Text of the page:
The Madden-Julian oscillation (MJO) is one of the most important phenomena associated with intraseasonal atmospheric variability in the tropics. A substantial fraction of tropical precipitation, which plays an important role in the general circulation, falls from the mesoscale convective systems (MCSs) associated with the MJO. Because the MJO modulates other components of the atmosphere-ocean system both in the tropics and extratropics on a wide variety of spatio-temporal scales, the performance of medium range weather forecasting and the realism of pronounced atmospheric and oceanic variability in coupled climate models is substantially dependent on skill in simulating the MJO. Thus, a comprehensive understanding of the MJO is of practical as well as of scientific importance. However, some of the fundamental features of the dynamics and physics of the MJO remain elusive and most currently used general circulation models still have difficulty in simulating the MJO.
Our proposed research aims to improve our understanding of the most crucial but problematic aspect of the MJO, the interplay between convection and large-scale circulation. Because of the inherent complexities associated with the multiscale interaction process of the MJO, a thorough and comprehensive treatment will be the key to any successful diagnosis of MJO dynamics and physics. In this research, we intend to use several innovative methods to accurately identify the internal structures of the MJO. A recently introduced spatio-temporal wavelet transform (STWT) method is capable of localizing a spectral signal from a longitude-time section of a variable. This approach will allow us to document the critical internal structures of the MJO, and in conjunction use with an “object-based” feature tracking approach, examine how such structures regulate the development and organization of MJO convection. Because the degree of vertical development of convection and organization arguably depends strongly on the background moisture field, the role of the internal structures in moisture budget will be assessed in a phenomenological manner.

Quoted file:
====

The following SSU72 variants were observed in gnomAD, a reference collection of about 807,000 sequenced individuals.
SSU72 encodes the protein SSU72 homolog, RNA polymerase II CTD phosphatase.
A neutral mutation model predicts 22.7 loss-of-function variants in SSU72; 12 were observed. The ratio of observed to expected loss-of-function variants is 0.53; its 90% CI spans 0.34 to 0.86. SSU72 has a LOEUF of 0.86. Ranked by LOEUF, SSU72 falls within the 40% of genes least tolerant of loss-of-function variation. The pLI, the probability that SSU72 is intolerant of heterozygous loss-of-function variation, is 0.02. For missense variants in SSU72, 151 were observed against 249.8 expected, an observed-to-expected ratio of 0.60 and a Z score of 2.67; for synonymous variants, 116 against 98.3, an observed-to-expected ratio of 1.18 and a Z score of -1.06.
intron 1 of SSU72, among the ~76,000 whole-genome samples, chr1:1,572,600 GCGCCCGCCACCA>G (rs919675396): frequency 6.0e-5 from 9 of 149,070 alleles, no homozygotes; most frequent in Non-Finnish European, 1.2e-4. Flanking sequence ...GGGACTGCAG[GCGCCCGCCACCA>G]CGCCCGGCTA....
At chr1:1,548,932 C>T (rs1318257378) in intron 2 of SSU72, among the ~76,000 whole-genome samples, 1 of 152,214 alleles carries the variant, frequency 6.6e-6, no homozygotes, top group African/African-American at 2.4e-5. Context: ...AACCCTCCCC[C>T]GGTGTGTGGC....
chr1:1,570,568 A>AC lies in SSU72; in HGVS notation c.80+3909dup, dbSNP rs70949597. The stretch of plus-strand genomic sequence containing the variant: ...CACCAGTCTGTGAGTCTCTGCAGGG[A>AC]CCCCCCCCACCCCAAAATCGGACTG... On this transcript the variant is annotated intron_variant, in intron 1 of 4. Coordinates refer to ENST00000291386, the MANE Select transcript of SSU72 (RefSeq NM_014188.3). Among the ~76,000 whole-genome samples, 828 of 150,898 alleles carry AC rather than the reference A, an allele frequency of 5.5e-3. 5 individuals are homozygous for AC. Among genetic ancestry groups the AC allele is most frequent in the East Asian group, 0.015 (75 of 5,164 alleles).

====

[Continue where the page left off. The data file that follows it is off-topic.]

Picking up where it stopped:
A comprehensive study based on analysis of in-situ and satellite observations, and the use of a state-of-the-art global cloud-system resolving model NICAM (Nonhydrostatic ICosahedral Atmospheric Model), will greatly improve our chances of success in this project. In addition to these datasets, long-term observational data will be used to derive statistically robust conclusions. Ultra-high resolution long-term cloud data and NICAM simulations that are capable of representing MCSs explicitly provide a promising opportunity to examine multiscale interactions of the MJO.
This is a research project that enhances international collaboration. The objective of this project is entirely in line with the ESS program’s aim “to provide a process-level understanding of the climate system through observation, modeling” and with this call’s aim particularly in two aspects, namely, “improving the understanding of interaction between convection and environmental moisture” and “the dynamic evolution of the cloud population”.